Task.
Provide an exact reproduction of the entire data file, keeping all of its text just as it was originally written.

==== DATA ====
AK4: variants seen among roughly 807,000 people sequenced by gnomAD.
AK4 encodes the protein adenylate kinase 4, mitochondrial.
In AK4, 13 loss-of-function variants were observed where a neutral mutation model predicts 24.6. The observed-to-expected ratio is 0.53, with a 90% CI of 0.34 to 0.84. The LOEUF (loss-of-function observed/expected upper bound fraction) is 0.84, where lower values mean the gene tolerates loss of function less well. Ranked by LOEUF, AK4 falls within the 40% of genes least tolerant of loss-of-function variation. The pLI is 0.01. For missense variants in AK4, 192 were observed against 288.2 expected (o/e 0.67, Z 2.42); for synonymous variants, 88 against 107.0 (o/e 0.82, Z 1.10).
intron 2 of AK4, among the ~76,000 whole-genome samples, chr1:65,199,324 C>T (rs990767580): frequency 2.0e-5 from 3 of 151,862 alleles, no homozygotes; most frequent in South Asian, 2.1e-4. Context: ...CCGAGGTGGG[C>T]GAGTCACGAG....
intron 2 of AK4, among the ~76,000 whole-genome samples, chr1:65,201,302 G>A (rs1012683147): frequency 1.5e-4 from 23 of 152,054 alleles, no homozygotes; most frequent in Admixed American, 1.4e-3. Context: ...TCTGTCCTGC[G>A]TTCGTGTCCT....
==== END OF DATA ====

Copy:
AK4: variants seen among roughly 807,000 people sequenced by gnomAD.
AK4 encodes the protein adenylate kinase 4, mitochondrial.
In AK4, 13 loss-of-function variants were observed where a neutral mutation model predicts 24.6. The observed-to-expected ratio is 0.53, with a 90% CI of 0.34 to 0.84. The LOEUF (loss-of-function observed/expected upper bound fraction) is 0.84, where lower values mean the gene tolerates loss of function less well. Ranked by LOEUF, AK4 falls within the 40% of genes least tolerant of loss-of-function variation. The pLI is 0.01. For missense variants in AK4, 192 were observed against 288.2 expected (o/e 0.67, Z 2.42); for synonymous variants, 88 against 107.0 (o/e 0.82, Z 1.10).
intron 2 of AK4, among the ~76,000 whole-genome samples, chr1:65,199,324 C>T (rs990767580): frequency 2.0e-5 from 3 of 151,862 alleles, no homozygotes; most frequent in South Asian, 2.1e-4. Context: ...CCGAGGTGGG[C>T]GAGTCACGAG....
intron 2 of AK4, among the ~76,000 whole-genome samples, chr1:65,201,302 G>A (rs1012683147): frequency 1.5e-4 from 23 of 152,054 alleles, no homozygotes; most frequent in Admixed American, 1.4e-3. Context: ...TCTGTCCTGC[G>A]TTCGTGTCCT....